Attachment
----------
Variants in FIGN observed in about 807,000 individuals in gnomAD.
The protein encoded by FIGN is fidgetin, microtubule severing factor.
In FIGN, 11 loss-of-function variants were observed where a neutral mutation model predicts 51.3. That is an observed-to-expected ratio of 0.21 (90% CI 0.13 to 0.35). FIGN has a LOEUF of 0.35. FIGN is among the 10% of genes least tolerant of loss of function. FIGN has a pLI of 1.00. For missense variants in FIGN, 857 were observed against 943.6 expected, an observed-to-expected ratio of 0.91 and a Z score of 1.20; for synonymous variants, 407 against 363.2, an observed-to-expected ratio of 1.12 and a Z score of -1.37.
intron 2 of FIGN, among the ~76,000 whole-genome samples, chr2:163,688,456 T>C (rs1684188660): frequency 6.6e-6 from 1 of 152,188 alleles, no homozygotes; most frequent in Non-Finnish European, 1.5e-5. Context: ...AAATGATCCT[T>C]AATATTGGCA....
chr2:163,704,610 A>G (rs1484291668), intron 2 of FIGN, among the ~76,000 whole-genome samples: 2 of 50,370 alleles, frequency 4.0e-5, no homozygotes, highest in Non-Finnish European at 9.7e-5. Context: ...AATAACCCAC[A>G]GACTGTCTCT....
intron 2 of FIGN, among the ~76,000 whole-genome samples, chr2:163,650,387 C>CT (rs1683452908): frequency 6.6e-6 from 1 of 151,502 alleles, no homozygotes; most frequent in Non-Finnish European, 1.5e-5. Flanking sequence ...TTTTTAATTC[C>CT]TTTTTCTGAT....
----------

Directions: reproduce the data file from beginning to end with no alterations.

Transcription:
Variants in FIGN observed in about 807,000 individuals in gnomAD.
The protein encoded by FIGN is fidgetin, microtubule severing factor.
In FIGN, 11 loss-of-function variants were observed where a neutral mutation model predicts 51.3. That is an observed-to-expected ratio of 0.21 (90% CI 0.13 to 0.35). FIGN has a LOEUF of 0.35. FIGN is among the 10% of genes least tolerant of loss of function. FIGN has a pLI of 1.00. For missense variants in FIGN, 857 were observed against 943.6 expected, an observed-to-expected ratio of 0.91 and a Z score of 1.20; for synonymous variants, 407 against 363.2, an observed-to-expected ratio of 1.12 and a Z score of -1.37.
intron 2 of FIGN, among the ~76,000 whole-genome samples, chr2:163,688,456 T>C (rs1684188660): frequency 6.6e-6 from 1 of 152,188 alleles, no homozygotes; most frequent in Non-Finnish European, 1.5e-5. Context: ...AAATGATCCT[T>C]AATATTGGCA....
chr2:163,704,610 A>G (rs1484291668), intron 2 of FIGN, among the ~76,000 whole-genome samples: 2 of 50,370 alleles, frequency 4.0e-5, no homozygotes, highest in Non-Finnish European at 9.7e-5. Context: ...AATAACCCAC[A>G]GACTGTCTCT....
intron 2 of FIGN, among the ~76,000 whole-genome samples, chr2:163,650,387 C>CT (rs1683452908): frequency 6.6e-6 from 1 of 151,502 alleles, no homozygotes; most frequent in Non-Finnish European, 1.5e-5. Flanking sequence ...TTTTTAATTC[C>CT]TTTTTCTGAT....